Quote:
Jon Reading wrote: View Post
Semantics it may be, but we need to define a thing in order to discuss it.
Sorry, I thought it was obvious. By dodge, I understand the action or movement, so as not to be purposely affected by someone in any way, e.g. by the grab, hit, kick, cutting or thrust.
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Old 10-07-2009, 01:19 PM   #65
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Re: How does Aikido work?

Tenkai, Tenkan, Irimi...
I don't like the term "dodge", personally, but entering directly in opposition to the forces being applied in an attack means clash and impact. No matter how slight the deflection / force couple / "shear" (although I think "shear" is also an inappropriate term), it still involves "getting off line," or "dodging," or re-directing. I think what's at fault here is the degree of "off line" being interpreted in the word "dodge".
Irimi yes, but two objects cannot occupy the same space - at least not with current technology - so the irimi must involve some degree of "dodge", no matter how small, and no matter what it is called by people who know how to search wikipedia.

W
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Old 10-07-2009, 01:28 PM   #66
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Re: How does Aikido work?

The way I see it at this point in my training is - if my irimi is on time, it's uke who has to dodge...no clash, but it's not because I got out of the way. Instead, I enter to where uke was planning to be, only I get there first, so they have to accommodate that, which takes uke out of balance.
Something like that, not really good at explaining stuff like this.

kvaak
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Old 10-08-2009, 11:43 AM   #67
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Re: How does Aikido work?

"...I believe a key component to the evasion maneuver is to apply an affecting force to the attack."

To elaborate on this point, I find that when I attack and my partner has correctly entered (irrimi) I react to her movement and become off-balanced. If a counter accompanies the irrmi movement, I find myself reacting to that attack as well. The feeling is more than just moving out of the way, nage is affecting my balance and structure. So the affection is applied by nage to uke - This is more that a simple evasive move.
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Old 10-08-2009, 03:42 PM   #68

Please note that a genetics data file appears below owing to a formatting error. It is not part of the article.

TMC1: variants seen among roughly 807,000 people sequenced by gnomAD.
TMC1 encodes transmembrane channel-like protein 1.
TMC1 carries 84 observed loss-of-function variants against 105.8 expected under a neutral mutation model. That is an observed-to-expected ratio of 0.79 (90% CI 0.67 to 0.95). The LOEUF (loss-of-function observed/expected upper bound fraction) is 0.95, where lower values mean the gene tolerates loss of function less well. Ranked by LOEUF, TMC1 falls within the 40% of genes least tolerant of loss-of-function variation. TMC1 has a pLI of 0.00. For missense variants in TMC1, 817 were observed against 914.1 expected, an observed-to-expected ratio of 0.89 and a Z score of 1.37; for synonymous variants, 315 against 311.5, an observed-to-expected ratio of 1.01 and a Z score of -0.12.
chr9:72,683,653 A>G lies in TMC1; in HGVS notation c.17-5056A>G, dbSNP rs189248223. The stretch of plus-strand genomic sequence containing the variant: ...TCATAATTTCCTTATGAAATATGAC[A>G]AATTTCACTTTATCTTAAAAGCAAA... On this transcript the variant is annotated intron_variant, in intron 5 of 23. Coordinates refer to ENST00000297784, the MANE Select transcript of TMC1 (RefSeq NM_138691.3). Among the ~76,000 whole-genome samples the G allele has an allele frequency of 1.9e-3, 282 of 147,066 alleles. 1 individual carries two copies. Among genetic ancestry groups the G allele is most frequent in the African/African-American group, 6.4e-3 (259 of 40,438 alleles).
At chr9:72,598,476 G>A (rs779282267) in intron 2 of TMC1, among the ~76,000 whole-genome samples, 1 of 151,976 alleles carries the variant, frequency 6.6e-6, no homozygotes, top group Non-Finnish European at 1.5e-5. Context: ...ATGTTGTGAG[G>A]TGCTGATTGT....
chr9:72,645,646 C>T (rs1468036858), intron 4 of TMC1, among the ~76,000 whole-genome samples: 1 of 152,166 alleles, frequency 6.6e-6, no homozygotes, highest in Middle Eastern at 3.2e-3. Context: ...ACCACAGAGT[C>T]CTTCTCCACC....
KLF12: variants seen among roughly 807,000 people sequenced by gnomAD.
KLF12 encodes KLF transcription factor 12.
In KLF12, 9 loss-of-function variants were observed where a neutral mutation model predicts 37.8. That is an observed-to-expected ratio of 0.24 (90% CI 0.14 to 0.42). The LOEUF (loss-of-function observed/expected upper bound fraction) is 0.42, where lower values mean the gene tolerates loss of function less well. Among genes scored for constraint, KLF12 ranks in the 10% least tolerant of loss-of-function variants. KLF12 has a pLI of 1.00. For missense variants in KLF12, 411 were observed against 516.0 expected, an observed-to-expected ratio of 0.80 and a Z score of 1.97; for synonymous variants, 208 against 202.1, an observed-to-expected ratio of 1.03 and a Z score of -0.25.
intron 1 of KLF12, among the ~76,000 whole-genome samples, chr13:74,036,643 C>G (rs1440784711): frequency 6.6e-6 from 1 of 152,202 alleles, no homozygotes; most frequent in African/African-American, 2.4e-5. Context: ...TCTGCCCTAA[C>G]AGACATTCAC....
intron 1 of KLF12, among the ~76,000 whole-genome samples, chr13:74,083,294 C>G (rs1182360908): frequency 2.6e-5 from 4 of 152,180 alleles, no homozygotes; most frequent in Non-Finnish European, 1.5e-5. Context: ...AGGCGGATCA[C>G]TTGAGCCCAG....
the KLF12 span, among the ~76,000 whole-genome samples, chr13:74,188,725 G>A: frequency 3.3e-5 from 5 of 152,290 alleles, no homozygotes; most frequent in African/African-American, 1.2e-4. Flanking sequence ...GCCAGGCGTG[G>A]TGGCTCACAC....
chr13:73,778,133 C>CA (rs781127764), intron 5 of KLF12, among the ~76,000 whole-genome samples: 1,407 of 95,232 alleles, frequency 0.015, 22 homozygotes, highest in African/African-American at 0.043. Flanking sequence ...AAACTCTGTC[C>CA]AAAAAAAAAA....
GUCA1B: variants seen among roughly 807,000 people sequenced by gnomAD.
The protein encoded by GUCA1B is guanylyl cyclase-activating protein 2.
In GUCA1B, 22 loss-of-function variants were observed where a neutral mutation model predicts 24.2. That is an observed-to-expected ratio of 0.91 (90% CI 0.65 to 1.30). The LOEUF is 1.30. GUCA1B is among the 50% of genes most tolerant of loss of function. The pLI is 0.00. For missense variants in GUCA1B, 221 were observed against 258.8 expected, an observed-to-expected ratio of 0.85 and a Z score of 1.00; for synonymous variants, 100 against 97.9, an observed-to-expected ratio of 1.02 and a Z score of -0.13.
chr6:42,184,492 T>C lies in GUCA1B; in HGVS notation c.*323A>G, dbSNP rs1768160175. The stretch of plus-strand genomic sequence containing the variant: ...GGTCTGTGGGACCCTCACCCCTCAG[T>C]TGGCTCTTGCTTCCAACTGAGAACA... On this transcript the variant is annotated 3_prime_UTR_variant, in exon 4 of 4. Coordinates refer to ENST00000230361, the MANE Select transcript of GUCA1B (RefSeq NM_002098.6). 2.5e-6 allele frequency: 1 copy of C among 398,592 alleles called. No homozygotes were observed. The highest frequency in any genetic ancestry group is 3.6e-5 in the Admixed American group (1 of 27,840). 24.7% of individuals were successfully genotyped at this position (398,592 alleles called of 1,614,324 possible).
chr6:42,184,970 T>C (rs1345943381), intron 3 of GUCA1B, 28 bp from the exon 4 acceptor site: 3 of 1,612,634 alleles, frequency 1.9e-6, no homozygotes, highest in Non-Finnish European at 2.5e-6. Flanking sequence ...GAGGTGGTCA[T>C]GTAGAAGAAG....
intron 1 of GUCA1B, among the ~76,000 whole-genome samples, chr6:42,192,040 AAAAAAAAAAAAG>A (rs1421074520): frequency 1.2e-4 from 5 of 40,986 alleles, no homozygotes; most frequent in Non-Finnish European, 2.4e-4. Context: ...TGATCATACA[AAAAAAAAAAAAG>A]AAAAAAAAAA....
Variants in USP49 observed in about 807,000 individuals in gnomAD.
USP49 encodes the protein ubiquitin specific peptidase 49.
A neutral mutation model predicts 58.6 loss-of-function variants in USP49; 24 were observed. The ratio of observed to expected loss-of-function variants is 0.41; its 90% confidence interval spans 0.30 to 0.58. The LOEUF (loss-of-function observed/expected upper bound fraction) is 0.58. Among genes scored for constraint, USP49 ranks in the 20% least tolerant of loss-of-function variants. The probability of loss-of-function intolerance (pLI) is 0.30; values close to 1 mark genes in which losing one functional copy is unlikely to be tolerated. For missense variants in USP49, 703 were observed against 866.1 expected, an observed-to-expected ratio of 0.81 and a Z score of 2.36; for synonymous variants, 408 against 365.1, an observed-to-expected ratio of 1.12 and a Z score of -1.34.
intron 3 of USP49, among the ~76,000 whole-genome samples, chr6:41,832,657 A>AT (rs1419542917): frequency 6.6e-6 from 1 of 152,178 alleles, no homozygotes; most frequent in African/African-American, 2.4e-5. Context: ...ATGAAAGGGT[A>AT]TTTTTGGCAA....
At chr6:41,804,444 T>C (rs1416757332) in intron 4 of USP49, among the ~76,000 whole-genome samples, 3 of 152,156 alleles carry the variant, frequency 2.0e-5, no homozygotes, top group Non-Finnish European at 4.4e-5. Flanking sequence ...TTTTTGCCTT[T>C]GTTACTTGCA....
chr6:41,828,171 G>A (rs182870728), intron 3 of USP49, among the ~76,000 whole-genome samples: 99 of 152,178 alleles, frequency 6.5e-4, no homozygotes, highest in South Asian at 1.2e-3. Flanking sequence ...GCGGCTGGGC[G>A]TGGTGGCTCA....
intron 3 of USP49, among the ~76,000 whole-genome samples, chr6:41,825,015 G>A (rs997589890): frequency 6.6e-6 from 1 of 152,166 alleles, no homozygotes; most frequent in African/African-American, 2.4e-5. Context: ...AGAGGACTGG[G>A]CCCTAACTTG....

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Re: How does Aikido work?

Quote:
Pauliina Lievonen wrote: View Post
The way I see it at this point in my training is - if my irimi is on time, it's uke who has to dodge...no clash, but it's not because I got out of the way. Instead, I enter to where uke was planning to be, only I get there first, so they have to accommodate that, which takes uke out of balance.
Something like that, not really good at explaining stuff like this.

kvaak
Pauliina
I agree with this. you have to primarily affect uke first and foremost regardless.

Sure two objects cannot occupy the same space. That is why you need to affect uke and not the other way around. It does not have to be necessarily physical first either.

On a simplistic level, we think that we have to move our feet in order to NOT occupy the same space, this is not entirely true either. You can stand your ground and uke can also go up and down as well as left and right.

If I enter first and affect nage..this causes him/her to react and move. I occupy the space first then uke responds. No dodging necessary there.

If uke beats me to the place and he has the upper hand, then I have to move elsewhere or move uke elsewhere...either way.

Lets say that I have to move as I simply was not skilled enough or quick enough, or preceptive enough to beat uke to that space. Well sometimes you lose and then you must move on. This might be called dodging, evading, moving away...okay yes...but it is not a PRIMARY action, but a secondary one. Not one that is set on my success. Couple that with a sword and I am dead. So, I see it vital to establish dominance.